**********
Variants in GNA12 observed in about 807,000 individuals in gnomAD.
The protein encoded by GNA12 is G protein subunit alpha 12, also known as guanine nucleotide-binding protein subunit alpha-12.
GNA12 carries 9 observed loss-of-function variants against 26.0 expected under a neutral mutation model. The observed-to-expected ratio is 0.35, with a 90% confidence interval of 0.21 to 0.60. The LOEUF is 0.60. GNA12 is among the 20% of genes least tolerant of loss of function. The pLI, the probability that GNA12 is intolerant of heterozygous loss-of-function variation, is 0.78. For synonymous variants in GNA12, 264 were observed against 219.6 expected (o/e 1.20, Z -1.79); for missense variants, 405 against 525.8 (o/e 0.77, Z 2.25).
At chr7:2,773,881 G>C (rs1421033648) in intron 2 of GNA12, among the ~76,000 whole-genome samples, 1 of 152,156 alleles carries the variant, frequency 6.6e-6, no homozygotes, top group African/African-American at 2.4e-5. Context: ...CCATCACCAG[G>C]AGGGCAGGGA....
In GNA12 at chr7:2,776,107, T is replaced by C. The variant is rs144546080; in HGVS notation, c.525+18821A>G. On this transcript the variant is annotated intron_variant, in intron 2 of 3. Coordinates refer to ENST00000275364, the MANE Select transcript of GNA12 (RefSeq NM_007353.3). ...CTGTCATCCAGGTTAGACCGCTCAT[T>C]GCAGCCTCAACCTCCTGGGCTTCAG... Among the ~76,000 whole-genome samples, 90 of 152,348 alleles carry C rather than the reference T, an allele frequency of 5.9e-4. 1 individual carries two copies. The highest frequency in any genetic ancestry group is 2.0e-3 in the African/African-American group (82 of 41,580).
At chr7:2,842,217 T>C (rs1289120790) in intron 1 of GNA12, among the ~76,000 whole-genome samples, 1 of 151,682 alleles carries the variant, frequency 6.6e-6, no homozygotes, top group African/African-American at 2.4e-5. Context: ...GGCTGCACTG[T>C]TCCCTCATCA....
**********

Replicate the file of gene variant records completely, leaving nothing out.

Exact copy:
Variants in GNA12 observed in about 807,000 individuals in gnomAD.
The protein encoded by GNA12 is G protein subunit alpha 12, also known as guanine nucleotide-binding protein subunit alpha-12.
GNA12 carries 9 observed loss-of-function variants against 26.0 expected under a neutral mutation model. The observed-to-expected ratio is 0.35, with a 90% confidence interval of 0.21 to 0.60. The LOEUF is 0.60. GNA12 is among the 20% of genes least tolerant of loss of function. The pLI, the probability that GNA12 is intolerant of heterozygous loss-of-function variation, is 0.78. For synonymous variants in GNA12, 264 were observed against 219.6 expected (o/e 1.20, Z -1.79); for missense variants, 405 against 525.8 (o/e 0.77, Z 2.25).
At chr7:2,773,881 G>C (rs1421033648) in intron 2 of GNA12, among the ~76,000 whole-genome samples, 1 of 152,156 alleles carries the variant, frequency 6.6e-6, no homozygotes, top group African/African-American at 2.4e-5. Context: ...CCATCACCAG[G>C]AGGGCAGGGA....
In GNA12 at chr7:2,776,107, T is replaced by C. The variant is rs144546080; in HGVS notation, c.525+18821A>G. On this transcript the variant is annotated intron_variant, in intron 2 of 3. Coordinates refer to ENST00000275364, the MANE Select transcript of GNA12 (RefSeq NM_007353.3). ...CTGTCATCCAGGTTAGACCGCTCAT[T>C]GCAGCCTCAACCTCCTGGGCTTCAG... Among the ~76,000 whole-genome samples, 90 of 152,348 alleles carry C rather than the reference T, an allele frequency of 5.9e-4. 1 individual carries two copies. The highest frequency in any genetic ancestry group is 2.0e-3 in the African/African-American group (82 of 41,580).
At chr7:2,842,217 T>C (rs1289120790) in intron 1 of GNA12, among the ~76,000 whole-genome samples, 1 of 151,682 alleles carries the variant, frequency 6.6e-6, no homozygotes, top group African/African-American at 2.4e-5. Context: ...GGCTGCACTG[T>C]TCCCTCATCA....